A 3D industrial CT system was designed on the base of single-source – single-detector. The CT system hardware consists of 3 motors, a data acquisition system, a computer unit, a gamma source and a radiation detector. In this patent, phantom has 3dimensional rotation capability using motors in the direction (R,,Z). R & Z motors were shifted with 0.01° step and the motor had 360° rotation potential with 0.04° step and more. The acquired 2D & 3D images showed high resolutions.
Recent years have witnessed an increased use of in vivo imaging techniques in both medicine and biomedical research. Positron Emission Tomography (PET) is a functional in vivo imaging technique relying on the metabolism of molecules which are injected into the blood stream and have a high chemical affinity to a specific biological substrate. These substances are labelled with positron emitters resulting in gamma rays which can be recorded outside the body using coincidence detection. Radiation can be detected using a variety of solutions, in terms of transducers and system geometries, and combined to produce images using suitable image reconstruction algorithms. The applications of PET imaging (e.g. cancer, brain function, cardiac function and gene expression) are currently benefiting from technological developments leading to the proposal of new PET systems. These are more sensitive, dedicated to imaging specific organs or research animals and are becoming multimodal. These advances are fostering new uses of PET, for example in biology labs to study the onset, progression and therapy of disease or to image the female breast. New materials and equipment are also, being developed allowing combining PET with other imaging techniques, such as MRI. The purpose of this review is to illustrate the most important inventions patented in PET since 2006 in areas concerning data acquisition and processing for human and research use of PET. Finally the manuscript will present the authors views about forthcoming developments in PET.
This paper reviewed some of the recent patents on the development of solid state detectors for medical imaging applications focused on nuclear medicine and X-Ray imaging systems. A series of solid state detectors including position sensitive avalanche photodiodes, APD arrays, silicon photomultipliers, amorphous silicon/selenium flat panel detectors, CCD cameras, CMOS sensors, etc., were addressed. These solid state detectors found wide applications in nuclear medicine imaging instruments including PET, SPECT etc., and in X-Ray medical imaging systems for diagnosis and therapy, including radiography, fluoroscopy, mammography, tomosynthesis, CT and dental imaging, etc. In addition, a discussion on some recently patented medical imaging systems employing solid state detectors was also presented.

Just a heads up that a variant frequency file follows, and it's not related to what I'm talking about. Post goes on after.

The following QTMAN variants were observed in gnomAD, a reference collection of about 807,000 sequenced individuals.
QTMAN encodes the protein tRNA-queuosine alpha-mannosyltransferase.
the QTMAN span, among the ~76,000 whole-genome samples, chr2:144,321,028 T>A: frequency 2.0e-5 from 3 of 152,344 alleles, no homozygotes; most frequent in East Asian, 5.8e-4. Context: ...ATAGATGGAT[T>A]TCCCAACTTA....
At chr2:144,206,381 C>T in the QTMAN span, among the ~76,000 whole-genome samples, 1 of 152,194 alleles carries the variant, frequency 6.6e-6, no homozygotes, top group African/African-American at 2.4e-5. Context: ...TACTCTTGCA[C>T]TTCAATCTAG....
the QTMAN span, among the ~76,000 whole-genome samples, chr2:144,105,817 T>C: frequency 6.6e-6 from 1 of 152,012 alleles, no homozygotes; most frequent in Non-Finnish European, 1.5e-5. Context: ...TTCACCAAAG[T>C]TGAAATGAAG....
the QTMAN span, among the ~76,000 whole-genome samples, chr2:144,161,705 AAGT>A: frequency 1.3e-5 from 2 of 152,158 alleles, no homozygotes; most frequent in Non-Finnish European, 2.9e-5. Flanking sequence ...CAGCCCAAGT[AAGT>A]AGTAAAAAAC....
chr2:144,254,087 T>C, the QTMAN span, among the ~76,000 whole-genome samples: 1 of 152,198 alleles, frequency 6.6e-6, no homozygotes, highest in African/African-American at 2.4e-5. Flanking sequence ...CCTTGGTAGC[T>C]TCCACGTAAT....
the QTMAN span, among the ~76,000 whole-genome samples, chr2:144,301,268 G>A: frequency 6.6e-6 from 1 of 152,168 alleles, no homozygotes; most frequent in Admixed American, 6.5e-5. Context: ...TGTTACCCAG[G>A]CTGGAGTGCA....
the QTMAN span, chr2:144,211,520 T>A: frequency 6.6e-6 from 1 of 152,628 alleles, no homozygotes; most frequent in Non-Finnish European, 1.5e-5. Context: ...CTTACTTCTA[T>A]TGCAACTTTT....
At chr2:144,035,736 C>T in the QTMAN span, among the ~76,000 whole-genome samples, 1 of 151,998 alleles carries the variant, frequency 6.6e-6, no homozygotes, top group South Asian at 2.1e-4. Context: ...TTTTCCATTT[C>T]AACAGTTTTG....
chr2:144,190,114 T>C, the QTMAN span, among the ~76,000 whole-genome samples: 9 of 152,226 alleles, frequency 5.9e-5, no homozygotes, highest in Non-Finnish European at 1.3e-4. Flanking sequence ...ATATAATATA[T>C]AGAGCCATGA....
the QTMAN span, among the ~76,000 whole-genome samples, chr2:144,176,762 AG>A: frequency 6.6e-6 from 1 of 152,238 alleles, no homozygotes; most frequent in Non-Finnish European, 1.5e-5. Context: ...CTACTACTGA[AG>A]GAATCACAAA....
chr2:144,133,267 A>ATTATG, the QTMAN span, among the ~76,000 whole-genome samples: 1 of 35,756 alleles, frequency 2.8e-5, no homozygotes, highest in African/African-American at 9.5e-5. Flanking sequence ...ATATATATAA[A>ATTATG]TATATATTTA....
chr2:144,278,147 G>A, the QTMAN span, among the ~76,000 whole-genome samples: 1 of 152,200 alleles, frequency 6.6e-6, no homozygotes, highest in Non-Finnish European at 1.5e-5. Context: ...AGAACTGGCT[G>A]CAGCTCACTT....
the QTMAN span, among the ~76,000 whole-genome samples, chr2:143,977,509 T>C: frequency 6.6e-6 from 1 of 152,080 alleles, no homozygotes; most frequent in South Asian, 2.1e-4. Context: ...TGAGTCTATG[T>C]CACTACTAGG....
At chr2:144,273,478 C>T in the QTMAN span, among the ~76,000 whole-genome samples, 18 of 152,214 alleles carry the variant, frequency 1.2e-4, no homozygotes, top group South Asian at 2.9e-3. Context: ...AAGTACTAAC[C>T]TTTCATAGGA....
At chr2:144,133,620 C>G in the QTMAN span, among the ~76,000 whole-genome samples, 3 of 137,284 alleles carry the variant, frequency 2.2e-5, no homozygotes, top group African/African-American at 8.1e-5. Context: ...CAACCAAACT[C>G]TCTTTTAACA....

Nuclear magnetic resonance (NMR) is widely used in physics, chemistry, biology, engineering and medicine because there is hardly another technique that is so informative for so many different types of applications. There can be few better examples of the complex and unanticipated interactions of basic research and technological innovation than the development of magnetic resonance imaging (MRI) techniques for medical diagnosis research. Functional magnetic resonance imaging (fMRI) extends conventional anatomical imaging to include localization of the brain areas active during perceptions, actions, emotions and cognitive tasks. The advantages of this new neuroimaging technique offer unprecedented opportunities for the investigation of human brain functional organization as well as medical applications. However, realization of these advantages requires new theoretical methods, analyses and novel approaches to old questions. Breaking new graound would be very difficult without the proper understanding of the MRI Physics offered by the analytical solutions to Bloch NMR flow equations. In this patent review, we have presented foundations and characteristics of models and methods used in magnetic resonance imaging with particular reference to functional mgnetic resonance imaging.
Cerebral aneurysms, especially wide-necked ones, pose a great threat to human health. With rapid technological advances in the field of endovascular treatment, wide-necked intracranial aneurysms are no longer a problem for endovascular therapists who can use balloon-remodeling technique, 3D coils, stents, covered stents and partially covered stents in the management of these aneurysms. However, stent-assisted technique has been increasingly used in the treatment of intracranial aneurysms with increased effects. This article reviews the use of stents and the stenting techniques in the treatment of intracranial wide-necked aneurysms, the pros and cons of different stenting techniques, and future developments in the form of patents.